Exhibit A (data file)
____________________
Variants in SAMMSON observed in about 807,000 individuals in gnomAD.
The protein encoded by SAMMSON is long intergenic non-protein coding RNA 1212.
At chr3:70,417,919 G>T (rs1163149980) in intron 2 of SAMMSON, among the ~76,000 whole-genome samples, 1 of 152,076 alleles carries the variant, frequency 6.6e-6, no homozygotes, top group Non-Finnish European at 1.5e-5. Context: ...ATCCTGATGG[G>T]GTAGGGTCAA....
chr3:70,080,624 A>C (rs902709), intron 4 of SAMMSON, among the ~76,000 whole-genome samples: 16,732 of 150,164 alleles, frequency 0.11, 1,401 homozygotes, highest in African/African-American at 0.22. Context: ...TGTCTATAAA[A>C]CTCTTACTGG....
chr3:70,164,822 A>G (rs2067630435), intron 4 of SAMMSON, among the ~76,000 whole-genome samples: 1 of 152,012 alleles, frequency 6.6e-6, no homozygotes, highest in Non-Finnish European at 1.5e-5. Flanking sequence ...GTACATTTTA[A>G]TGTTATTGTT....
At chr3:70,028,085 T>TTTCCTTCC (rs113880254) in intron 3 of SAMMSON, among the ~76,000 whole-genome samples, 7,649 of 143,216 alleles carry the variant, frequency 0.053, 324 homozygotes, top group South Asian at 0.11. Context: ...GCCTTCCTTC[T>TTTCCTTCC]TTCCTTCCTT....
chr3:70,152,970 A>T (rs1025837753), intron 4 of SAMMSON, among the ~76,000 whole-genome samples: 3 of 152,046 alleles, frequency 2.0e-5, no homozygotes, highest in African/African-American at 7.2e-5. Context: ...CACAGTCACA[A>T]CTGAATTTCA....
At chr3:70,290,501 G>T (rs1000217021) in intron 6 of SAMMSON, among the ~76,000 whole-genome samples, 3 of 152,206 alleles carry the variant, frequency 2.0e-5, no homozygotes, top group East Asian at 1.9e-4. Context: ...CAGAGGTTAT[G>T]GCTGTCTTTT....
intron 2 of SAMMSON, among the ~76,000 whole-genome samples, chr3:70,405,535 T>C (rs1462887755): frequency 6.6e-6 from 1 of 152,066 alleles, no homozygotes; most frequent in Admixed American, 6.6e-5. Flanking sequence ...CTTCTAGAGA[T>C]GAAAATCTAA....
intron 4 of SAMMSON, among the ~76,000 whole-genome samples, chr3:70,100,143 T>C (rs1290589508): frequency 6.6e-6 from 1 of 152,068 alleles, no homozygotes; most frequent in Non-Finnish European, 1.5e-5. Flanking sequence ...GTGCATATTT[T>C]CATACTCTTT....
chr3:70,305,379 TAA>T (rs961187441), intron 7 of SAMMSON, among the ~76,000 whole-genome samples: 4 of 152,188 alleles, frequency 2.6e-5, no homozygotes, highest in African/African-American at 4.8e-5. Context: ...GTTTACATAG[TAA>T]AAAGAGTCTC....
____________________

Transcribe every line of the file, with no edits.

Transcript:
Variants in SAMMSON observed in about 807,000 individuals in gnomAD.
The protein encoded by SAMMSON is long intergenic non-protein coding RNA 1212.
At chr3:70,417,919 G>T (rs1163149980) in intron 2 of SAMMSON, among the ~76,000 whole-genome samples, 1 of 152,076 alleles carries the variant, frequency 6.6e-6, no homozygotes, top group Non-Finnish European at 1.5e-5. Context: ...ATCCTGATGG[G>T]GTAGGGTCAA....
chr3:70,080,624 A>C (rs902709), intron 4 of SAMMSON, among the ~76,000 whole-genome samples: 16,732 of 150,164 alleles, frequency 0.11, 1,401 homozygotes, highest in African/African-American at 0.22. Context: ...TGTCTATAAA[A>C]CTCTTACTGG....
chr3:70,164,822 A>G (rs2067630435), intron 4 of SAMMSON, among the ~76,000 whole-genome samples: 1 of 152,012 alleles, frequency 6.6e-6, no homozygotes, highest in Non-Finnish European at 1.5e-5. Flanking sequence ...GTACATTTTA[A>G]TGTTATTGTT....
At chr3:70,028,085 T>TTTCCTTCC (rs113880254) in intron 3 of SAMMSON, among the ~76,000 whole-genome samples, 7,649 of 143,216 alleles carry the variant, frequency 0.053, 324 homozygotes, top group South Asian at 0.11. Context: ...GCCTTCCTTC[T>TTTCCTTCC]TTCCTTCCTT....
chr3:70,152,970 A>T (rs1025837753), intron 4 of SAMMSON, among the ~76,000 whole-genome samples: 3 of 152,046 alleles, frequency 2.0e-5, no homozygotes, highest in African/African-American at 7.2e-5. Context: ...CACAGTCACA[A>T]CTGAATTTCA....
At chr3:70,290,501 G>T (rs1000217021) in intron 6 of SAMMSON, among the ~76,000 whole-genome samples, 3 of 152,206 alleles carry the variant, frequency 2.0e-5, no homozygotes, top group East Asian at 1.9e-4. Context: ...CAGAGGTTAT[G>T]GCTGTCTTTT....
intron 2 of SAMMSON, among the ~76,000 whole-genome samples, chr3:70,405,535 T>C (rs1462887755): frequency 6.6e-6 from 1 of 152,066 alleles, no homozygotes; most frequent in Admixed American, 6.6e-5. Flanking sequence ...CTTCTAGAGA[T>C]GAAAATCTAA....
intron 4 of SAMMSON, among the ~76,000 whole-genome samples, chr3:70,100,143 T>C (rs1290589508): frequency 6.6e-6 from 1 of 152,068 alleles, no homozygotes; most frequent in Non-Finnish European, 1.5e-5. Flanking sequence ...GTGCATATTT[T>C]CATACTCTTT....
chr3:70,305,379 TAA>T (rs961187441), intron 7 of SAMMSON, among the ~76,000 whole-genome samples: 4 of 152,188 alleles, frequency 2.6e-5, no homozygotes, highest in African/African-American at 4.8e-5. Context: ...GTTTACATAG[TAA>T]AAAGAGTCTC....